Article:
Citation: Prada Womenswear Fall/Winter 2011.12. Dir. Steven Meisel. Perf. Ondria Hardin. Prada, 2011. Film.
Through examining the artifacts above with an ethnographical method, I have further been able to develop my argument supporting the negative influence from the media projected upon young girls. The target audience that seems to be most vulnerable to this sexual image is the group of middle to upper class, white girls who can afford the activities and materials to represent these media idols. The playlist begins with showing the influence being presented to girls very early in their youth and progresses to show how the same sexualized images are influencing them to their later years as girls. The combination of images shows how these targeted white, upper class girls develop their identities through media beginning very early in their youth and begin to fall into the image and objectification the media wants them to.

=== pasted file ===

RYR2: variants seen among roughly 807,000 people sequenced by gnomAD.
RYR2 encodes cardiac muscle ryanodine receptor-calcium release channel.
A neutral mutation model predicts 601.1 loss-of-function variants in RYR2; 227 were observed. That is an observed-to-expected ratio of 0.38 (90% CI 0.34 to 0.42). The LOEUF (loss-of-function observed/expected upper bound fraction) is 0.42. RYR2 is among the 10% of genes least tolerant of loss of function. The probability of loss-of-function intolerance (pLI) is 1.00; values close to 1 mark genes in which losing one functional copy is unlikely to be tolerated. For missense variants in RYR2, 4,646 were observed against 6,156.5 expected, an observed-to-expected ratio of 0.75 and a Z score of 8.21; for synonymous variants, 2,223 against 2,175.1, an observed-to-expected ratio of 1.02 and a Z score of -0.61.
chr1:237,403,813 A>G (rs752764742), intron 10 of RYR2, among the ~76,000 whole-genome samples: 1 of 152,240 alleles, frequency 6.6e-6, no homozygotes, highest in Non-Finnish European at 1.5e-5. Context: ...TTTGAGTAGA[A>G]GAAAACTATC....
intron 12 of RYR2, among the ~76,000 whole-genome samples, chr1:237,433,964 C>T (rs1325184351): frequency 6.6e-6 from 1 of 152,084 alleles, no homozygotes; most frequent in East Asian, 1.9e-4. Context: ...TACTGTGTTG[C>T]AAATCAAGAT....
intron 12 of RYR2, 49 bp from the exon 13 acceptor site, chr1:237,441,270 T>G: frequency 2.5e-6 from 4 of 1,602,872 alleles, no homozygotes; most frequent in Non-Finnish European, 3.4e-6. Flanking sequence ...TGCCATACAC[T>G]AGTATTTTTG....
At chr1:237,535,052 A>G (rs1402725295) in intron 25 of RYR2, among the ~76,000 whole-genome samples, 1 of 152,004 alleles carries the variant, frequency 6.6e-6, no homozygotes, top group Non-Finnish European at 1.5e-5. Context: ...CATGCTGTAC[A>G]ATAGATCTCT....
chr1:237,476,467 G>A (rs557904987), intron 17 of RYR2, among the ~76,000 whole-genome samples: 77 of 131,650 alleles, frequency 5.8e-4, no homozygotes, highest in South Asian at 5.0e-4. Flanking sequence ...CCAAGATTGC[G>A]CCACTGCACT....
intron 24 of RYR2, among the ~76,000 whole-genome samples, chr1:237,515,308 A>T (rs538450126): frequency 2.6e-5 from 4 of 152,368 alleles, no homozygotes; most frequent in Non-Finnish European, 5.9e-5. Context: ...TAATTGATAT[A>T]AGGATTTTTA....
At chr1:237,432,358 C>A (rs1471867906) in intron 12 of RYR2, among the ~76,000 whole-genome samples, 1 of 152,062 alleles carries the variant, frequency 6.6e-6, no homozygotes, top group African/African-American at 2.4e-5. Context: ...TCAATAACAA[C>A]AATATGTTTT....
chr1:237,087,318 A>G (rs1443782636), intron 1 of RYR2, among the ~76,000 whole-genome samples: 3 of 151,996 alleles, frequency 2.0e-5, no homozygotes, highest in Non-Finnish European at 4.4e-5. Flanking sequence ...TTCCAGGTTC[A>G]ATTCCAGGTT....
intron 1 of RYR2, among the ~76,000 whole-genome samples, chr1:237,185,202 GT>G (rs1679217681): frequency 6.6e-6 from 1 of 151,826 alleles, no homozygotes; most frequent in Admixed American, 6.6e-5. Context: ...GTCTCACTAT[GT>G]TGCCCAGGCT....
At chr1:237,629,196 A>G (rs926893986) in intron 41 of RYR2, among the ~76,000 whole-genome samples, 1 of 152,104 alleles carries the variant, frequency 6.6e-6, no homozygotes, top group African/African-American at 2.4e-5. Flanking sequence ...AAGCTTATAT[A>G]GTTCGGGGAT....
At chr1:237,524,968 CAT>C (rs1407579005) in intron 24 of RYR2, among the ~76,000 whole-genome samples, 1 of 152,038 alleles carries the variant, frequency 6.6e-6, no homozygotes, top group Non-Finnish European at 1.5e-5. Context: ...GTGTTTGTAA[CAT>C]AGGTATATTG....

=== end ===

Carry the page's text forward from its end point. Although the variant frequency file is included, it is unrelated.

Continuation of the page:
Media will and has been exposed to several difference audiences throughout their lifetimes. My playlist is effective in showing that media is introduced as early as three years-old and is continually affecting girls particularly into their adulthood. The progression from something as minor as inappropriately dressed computer game characters to 13 year-old Prada models promoting sex shows how the media influence only gets more provocative with age. Referring to principles established by Kellner, media is helping these girls establish their societal norms, expectations, opinions, sexualities, behaviors, and several other contributions to their personalities from an early age. The mainstream culture being thrown at them entices them to develop these mythical norms in which they must work to achieve. This pushing of a common culture in these girls gives them very little incentive to create their own values and oppositional identities away from the media. The girls begin to idolize the sexy, older girls objectifying themselves and gaining success and begin to aspire to have this image in their near future.